Singer, songwriter and actress Marianne Faithfull was born on December 29, 1946, in London, England.  She is the daughter of an Austro-Hungarian baroness and a former British intelligence officer, she started out as a singer in the 1960s when she was in her teens.  Her mother has the dubious distinction of being the grand-niece of Leopold von Sacher-Masoch, author of Venus in Furs, which involves a philosophical discussion about how women’s cruel nature increases man’s desire.  Her paternal grandfather had been a sexologist and inventor of a device called the ‘frigidity machine’ designed to give women orgasms which he tried out on his son’s wife, Marianne’s mother.  The combination of these things in her family severely limited any chance that Marianne might have had to turn out ordinary and conventional.

Marianne Faithful established herself as the wild child of the Sixties leading a Rock ‘n Roll lifestyle noted for her distinctive voice, and her higher registered vocals that produced a sweet melody when she was young, but over the years her voice, roughened up by cigarettes, drink and drugs, to become evocative and captivating.  The convent-educated singer shot to fame in 1964 with her version of the Rolling Stones song ‘As Tears Go By’.  In 1964, Andrew Loog Oldham, the Stones’ manager spotted her at a party while she was still in school and launched her career as a vocalist, producing her first hit, ‘As Tears Go By’, which he helped to write, along with Mick Jagger and Keith Richards.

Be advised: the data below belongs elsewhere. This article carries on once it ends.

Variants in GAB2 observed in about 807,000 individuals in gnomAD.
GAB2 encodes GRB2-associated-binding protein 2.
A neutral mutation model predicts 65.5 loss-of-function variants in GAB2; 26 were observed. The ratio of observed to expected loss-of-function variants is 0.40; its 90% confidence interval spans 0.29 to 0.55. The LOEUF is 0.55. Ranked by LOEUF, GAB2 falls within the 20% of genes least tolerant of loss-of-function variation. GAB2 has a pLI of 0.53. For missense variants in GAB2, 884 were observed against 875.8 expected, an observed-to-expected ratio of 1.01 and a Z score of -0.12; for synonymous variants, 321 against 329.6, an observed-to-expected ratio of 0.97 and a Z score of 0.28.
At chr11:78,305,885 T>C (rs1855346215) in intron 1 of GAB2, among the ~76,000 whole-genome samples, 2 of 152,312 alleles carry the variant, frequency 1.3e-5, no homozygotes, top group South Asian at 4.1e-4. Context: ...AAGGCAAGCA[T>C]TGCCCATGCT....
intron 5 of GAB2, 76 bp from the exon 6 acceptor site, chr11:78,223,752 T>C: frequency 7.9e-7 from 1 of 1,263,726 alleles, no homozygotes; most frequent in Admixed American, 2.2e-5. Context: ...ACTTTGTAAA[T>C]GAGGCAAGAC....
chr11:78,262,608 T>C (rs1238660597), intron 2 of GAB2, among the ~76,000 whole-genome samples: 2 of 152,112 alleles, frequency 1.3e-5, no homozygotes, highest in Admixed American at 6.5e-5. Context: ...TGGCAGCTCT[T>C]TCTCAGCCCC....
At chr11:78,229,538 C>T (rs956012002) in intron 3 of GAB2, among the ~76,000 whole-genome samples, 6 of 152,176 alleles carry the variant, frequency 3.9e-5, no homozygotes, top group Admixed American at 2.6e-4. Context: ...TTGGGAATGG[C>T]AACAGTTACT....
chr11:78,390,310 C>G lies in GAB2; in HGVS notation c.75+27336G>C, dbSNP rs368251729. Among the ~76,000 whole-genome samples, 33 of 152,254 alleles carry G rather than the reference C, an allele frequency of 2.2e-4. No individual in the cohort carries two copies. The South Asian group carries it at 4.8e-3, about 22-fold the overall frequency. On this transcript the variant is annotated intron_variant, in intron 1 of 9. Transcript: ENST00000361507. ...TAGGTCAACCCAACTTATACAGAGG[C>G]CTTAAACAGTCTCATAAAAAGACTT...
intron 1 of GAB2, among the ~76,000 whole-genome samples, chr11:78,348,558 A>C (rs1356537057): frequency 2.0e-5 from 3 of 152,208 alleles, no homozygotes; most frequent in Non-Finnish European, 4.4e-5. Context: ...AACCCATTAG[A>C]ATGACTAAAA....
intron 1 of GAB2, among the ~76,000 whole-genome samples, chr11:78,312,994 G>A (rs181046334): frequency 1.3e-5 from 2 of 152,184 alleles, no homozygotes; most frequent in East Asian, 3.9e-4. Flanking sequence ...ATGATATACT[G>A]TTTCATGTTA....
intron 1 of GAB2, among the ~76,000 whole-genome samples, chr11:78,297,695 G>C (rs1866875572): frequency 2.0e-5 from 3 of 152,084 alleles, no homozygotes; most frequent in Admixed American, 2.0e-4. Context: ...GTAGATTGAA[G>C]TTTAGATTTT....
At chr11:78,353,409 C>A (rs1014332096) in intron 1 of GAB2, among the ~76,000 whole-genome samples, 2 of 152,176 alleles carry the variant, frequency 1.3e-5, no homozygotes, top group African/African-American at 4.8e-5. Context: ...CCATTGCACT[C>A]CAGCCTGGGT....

She fell in love with Jagger at the age of 18, and left John Dunbar an art dealer and her husband with whom she had her baby son Nicholas with.  Faithfull became more famous for her personal life than for her music, becoming the embodiment of eroticism after starring in the underwhelming film Girl on a Motorcycle, of which the trailer said, “You know the thrill of wrapping your legs around a tornado of pumping pistons”.  In 1969, Marianne Faithfull played the part of Ophelia in Tony Richardson’s film of Hamlet.  The combined effect of playing Ophelia and doing heroin did overwhelm her, as she began contemplating drowning herself in the Thames, while she was spiraling deeper into addiction.  She co-wrote the song ‘Sister Morphine’ with Jagger and Richards, which is said to reflect this difficult time in her life.